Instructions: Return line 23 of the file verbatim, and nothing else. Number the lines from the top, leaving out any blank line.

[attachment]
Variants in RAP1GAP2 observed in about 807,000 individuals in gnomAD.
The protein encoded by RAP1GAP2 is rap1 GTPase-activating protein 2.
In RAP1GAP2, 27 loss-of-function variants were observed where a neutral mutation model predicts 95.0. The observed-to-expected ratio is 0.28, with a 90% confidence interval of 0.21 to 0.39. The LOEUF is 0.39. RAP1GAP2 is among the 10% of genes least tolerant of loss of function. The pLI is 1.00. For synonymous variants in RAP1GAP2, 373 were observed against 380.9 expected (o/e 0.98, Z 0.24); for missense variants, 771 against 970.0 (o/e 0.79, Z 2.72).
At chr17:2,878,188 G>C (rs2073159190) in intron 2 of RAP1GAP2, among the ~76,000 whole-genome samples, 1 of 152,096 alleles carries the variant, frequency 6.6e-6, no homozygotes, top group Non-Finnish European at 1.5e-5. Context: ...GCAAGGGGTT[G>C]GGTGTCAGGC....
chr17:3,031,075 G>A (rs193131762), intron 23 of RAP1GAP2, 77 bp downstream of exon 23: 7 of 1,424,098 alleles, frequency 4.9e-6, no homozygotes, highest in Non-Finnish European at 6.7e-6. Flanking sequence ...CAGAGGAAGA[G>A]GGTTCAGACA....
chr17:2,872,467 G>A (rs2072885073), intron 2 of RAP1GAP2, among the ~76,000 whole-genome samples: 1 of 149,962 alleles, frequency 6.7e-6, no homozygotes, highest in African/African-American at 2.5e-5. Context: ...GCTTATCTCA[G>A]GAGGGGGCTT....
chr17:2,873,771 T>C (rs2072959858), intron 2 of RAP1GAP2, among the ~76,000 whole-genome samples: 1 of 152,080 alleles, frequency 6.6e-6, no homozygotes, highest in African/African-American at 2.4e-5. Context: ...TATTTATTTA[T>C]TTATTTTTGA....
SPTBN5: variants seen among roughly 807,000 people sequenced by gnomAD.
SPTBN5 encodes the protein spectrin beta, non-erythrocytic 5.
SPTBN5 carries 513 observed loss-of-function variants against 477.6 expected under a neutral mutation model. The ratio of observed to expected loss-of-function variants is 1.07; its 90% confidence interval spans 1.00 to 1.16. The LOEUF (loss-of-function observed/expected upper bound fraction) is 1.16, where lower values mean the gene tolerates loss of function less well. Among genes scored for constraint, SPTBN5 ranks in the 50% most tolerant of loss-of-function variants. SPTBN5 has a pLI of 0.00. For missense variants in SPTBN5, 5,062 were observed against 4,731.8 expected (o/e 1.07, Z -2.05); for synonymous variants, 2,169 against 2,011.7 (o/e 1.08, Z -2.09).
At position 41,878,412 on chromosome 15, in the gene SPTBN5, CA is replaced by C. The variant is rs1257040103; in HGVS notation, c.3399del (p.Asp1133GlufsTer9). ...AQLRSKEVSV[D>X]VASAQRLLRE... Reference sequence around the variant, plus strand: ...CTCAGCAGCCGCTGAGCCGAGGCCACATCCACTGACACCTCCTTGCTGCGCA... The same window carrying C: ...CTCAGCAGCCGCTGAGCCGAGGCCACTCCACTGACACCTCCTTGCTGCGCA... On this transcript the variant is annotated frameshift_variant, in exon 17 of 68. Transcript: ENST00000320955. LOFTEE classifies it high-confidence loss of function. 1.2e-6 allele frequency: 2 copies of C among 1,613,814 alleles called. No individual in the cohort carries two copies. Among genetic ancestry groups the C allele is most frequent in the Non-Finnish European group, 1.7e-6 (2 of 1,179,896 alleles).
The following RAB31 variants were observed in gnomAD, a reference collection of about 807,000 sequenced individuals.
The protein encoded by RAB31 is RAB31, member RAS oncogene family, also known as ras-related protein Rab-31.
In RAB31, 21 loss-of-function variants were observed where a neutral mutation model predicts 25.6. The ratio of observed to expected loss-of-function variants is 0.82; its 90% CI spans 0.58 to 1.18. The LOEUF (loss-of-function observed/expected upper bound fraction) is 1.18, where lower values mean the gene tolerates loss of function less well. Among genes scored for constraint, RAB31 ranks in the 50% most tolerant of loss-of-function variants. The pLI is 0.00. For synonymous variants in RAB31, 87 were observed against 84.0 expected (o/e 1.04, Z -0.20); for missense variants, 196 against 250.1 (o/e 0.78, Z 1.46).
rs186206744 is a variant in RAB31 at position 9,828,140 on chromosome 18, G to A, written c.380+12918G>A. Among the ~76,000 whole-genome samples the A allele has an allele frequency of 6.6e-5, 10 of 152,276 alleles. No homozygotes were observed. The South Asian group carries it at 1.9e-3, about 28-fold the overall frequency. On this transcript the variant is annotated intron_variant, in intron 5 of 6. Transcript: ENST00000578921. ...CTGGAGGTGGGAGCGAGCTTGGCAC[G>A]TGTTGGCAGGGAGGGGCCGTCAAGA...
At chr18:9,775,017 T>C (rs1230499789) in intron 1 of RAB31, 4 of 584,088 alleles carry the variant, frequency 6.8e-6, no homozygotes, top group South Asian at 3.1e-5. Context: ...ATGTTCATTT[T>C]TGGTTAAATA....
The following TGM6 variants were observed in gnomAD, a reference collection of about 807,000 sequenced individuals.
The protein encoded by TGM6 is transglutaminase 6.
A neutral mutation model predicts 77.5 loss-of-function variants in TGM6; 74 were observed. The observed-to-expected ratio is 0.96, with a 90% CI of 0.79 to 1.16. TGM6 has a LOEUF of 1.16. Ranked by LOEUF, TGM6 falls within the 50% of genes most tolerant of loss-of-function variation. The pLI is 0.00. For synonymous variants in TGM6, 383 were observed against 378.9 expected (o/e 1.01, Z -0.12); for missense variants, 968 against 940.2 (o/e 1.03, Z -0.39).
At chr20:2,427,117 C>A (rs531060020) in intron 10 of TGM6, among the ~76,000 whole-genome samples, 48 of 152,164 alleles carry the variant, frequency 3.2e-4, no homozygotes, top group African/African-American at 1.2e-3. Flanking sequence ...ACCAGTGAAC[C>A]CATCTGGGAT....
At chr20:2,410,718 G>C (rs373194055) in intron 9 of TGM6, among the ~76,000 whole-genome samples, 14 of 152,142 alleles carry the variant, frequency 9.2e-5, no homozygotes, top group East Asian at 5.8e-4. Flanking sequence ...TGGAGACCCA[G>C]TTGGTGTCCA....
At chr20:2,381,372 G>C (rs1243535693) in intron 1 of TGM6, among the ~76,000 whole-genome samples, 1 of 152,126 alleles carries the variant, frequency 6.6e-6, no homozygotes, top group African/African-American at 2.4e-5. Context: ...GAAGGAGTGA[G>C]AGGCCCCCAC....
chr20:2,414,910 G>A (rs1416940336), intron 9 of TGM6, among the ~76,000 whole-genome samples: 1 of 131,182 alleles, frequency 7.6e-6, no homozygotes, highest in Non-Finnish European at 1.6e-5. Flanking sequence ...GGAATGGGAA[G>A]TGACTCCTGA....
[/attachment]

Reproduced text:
chr20:2,414,910 G>A (rs1416940336), intron 9 of TGM6, among the ~76,000 whole-genome samples: 1 of 131,182 alleles, frequency 7.6e-6, no homozygotes, highest in Non-Finnish European at 1.6e-5. Flanking sequence ...GGAATGGGAA[G>A]TGACTCCTGA....